The Amazon synopsis lists it as being composed of 196 pages. I can't imagine how this number was arrived at. The text of the book comes in at 155 pages. Even including the "Editor's Note", endnotes, milestones, bibliography and index, only 173 are consumed. If you add the title page, all the blank pages at the beginning and end of the book AND the front and back cover, you still can't come up with 196 pages. Therefore, what you have is a very short biography that is actually over 20% shorter than advertised. Certainly understandable in the case of some of the "sketchier" Presidents, but John Quincy Adams?

Adams, born into the illustrious family of John and Abigail Adams, was raised to lead a life in politics. It is an unusual set of circumstances that resulted in Adams's presidency actually being viewed as the least successful period of his life, rather than its pinnacle. Adams was an accomplished diplomat from an early age, spending productive time in all the European capitals throughout the early American administrations. He finally served as Secretary of State under James Monroe, a recognized stepping stone to the presidency.

His election in 1824, by a bitterly divided House of Representatives, ushered in a period of political bitterness and infighting astonishing in its ferocity. His personal feuds with Andrew Jackson and his supporters are possibly the most vicious in political history. Adams's presidency is generally viewed as quite ineffective. His refusal to take advantage of political patronage and his naivety in matters of political strategy doomed him to serve a single term.

Following his presidency, Adams was elected to represent the state of Massachusetts in the House of Representatives, where he continued to be a thorn in the side of his opponents, from all aspects of the political spectrum. The single personality trait of Adams highlighted throughout this work is independence. His refusal to abide by party lines and forge long lasting alliances resulted in his failure to govern firm majorities throuhgout his career.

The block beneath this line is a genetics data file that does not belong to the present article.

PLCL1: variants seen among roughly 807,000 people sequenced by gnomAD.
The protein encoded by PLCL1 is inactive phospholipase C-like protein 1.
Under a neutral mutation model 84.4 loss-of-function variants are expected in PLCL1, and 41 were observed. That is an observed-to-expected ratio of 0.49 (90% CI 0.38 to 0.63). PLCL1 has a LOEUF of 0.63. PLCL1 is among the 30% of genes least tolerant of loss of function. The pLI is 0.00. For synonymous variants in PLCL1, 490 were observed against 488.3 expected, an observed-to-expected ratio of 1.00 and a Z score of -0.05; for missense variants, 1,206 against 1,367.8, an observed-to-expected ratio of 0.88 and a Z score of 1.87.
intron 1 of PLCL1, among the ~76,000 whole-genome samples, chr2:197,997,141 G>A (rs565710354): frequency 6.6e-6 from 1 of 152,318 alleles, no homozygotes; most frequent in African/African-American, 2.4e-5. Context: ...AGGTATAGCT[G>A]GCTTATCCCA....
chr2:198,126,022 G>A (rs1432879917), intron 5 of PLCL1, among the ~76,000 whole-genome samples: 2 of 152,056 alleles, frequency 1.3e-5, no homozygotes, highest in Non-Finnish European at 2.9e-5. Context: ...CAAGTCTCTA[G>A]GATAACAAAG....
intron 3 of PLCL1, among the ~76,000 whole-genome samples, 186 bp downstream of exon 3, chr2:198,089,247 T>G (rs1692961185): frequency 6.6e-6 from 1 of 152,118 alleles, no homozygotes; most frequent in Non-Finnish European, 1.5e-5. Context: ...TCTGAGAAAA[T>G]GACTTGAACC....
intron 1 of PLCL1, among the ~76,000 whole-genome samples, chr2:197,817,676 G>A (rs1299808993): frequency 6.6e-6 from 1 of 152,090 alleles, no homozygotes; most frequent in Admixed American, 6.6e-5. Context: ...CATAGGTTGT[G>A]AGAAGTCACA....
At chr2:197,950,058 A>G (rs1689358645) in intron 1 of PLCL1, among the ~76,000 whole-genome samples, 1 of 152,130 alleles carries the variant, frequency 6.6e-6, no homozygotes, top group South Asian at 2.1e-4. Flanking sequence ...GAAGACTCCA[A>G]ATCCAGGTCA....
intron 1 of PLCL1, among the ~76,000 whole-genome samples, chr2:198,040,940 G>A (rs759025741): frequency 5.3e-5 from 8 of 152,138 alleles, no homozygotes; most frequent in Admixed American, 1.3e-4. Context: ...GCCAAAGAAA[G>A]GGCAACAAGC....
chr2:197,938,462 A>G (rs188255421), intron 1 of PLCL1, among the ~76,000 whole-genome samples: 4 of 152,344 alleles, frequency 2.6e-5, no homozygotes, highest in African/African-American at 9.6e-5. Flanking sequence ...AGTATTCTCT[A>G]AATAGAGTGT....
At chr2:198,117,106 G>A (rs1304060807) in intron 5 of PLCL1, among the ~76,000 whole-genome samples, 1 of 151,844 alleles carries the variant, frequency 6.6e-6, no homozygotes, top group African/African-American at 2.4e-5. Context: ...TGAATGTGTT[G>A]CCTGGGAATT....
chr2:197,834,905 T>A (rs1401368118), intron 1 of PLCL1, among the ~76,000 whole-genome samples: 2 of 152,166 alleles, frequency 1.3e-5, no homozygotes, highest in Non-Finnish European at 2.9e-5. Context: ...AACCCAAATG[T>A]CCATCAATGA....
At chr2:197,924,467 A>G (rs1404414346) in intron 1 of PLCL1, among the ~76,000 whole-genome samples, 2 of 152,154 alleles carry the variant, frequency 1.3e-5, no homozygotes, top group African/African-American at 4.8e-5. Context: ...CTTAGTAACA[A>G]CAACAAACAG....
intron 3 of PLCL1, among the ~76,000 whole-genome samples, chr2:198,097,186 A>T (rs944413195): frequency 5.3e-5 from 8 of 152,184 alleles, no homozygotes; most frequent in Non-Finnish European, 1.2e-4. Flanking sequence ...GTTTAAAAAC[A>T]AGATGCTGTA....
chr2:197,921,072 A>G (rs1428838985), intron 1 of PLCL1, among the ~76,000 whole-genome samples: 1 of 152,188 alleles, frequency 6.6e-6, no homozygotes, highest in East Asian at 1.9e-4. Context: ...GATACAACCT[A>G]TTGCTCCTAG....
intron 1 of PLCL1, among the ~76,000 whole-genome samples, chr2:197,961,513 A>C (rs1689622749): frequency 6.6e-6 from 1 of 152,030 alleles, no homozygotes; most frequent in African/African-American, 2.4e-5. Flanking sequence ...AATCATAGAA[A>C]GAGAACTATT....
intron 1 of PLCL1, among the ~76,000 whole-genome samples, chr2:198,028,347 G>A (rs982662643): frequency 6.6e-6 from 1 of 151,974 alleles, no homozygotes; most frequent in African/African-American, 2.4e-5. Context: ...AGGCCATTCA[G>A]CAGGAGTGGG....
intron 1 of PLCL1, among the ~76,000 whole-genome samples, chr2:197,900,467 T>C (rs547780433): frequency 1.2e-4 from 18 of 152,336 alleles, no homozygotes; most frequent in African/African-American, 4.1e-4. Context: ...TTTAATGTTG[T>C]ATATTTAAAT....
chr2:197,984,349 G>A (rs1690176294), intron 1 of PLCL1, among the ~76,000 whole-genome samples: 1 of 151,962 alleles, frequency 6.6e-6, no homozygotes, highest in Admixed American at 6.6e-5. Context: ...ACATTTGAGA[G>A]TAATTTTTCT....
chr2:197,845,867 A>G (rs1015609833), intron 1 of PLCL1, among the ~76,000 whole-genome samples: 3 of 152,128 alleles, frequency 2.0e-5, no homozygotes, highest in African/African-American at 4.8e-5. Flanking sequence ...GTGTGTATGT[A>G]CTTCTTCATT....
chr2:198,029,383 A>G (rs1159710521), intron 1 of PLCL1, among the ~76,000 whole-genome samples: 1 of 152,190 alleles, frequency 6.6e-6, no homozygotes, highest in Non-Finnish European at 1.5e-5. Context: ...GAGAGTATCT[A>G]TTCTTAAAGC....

He was a henpecked son and, according to the author, a failure as a father and husband. He comes across many times as a sanctimonious Puritan and devolved later in life into an unpleasant, irascible, back bencher. Nevertheless, he was a seminal figure in early 19th century American history and deserving of more than 155 pages of treatment.

Finally, a note on the author's style. Given the brevity of the work and the scope of Adams's life, it is not surprising that the writing sometimes feels clipped and brusque, moving quickly from topic to topic. On several ocassions, the author begins paragraphs with short, declarative statements such as, "What a disaster!", "What an opening!", "That did it!" (twice), "Superior management!", "What idiocy!", that lent a jarring almost inappropriately informal tone to the writing.

All in all a relatively unsatisfactory work. Had the author in fact taken 196 pages to present the subject, perhaps it would have been better received. Nevertheless, if you want an ultra quick and dirty synopsis on the life and political career of John Quincy Adams and only have 5-6 hours to invest, this may be the best you could do. ( )
  santhony | Sep 25, 2008 |
wrong cover
  EdMarshall | Mar 11, 2008 |
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Toward the end of the presidential campaign of 1824, John Quincy Adams, one of the four candidates for the office, left his duties as secretary of state in Washington and returned to his home in Quincy, Massachusetts, there to roam around the cemetery and look at tombstones of his ancesters and meditate on the past and future.
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Amazon.com Product Description (ISBN 0805069399, Hardcover)

A vivid portrait of a man whose pre- and post-presidential careers overshadowed his presidency.

Chosen by the House of Representatives after an inconclusive election against Andrew Jackson, John Quincy Adams often failed to mesh with the ethos of his era, pushing unsuccessfully for a strong, consolidated national government. Historian Robert V. Remini recounts how in the years before his presidency Adams was a shrewd, influential diplomat, and later, as a dynamic secretary of state under President James Monroe, he solidified many basic aspects of American foreign policy, including the Monroe Doctrine. Undoubtedly his greatest triumph was the negotiation of the Transcontinental Treaty, through which Spain acknowledged Florida to be part of the United States. After his term in office, he earned the nickname "Old Man Eloquent" for his passionate antislavery speeches.

(retrieved from Amazon Mon, 30 Sep 2013 13:23:08 -0400)

A portrait of the early nineteenth-century president documents his career with the House of Representatives, efforts to create a consolidated national government, role as a diplomat, contributions to foreign policy, and antislavery campaigns.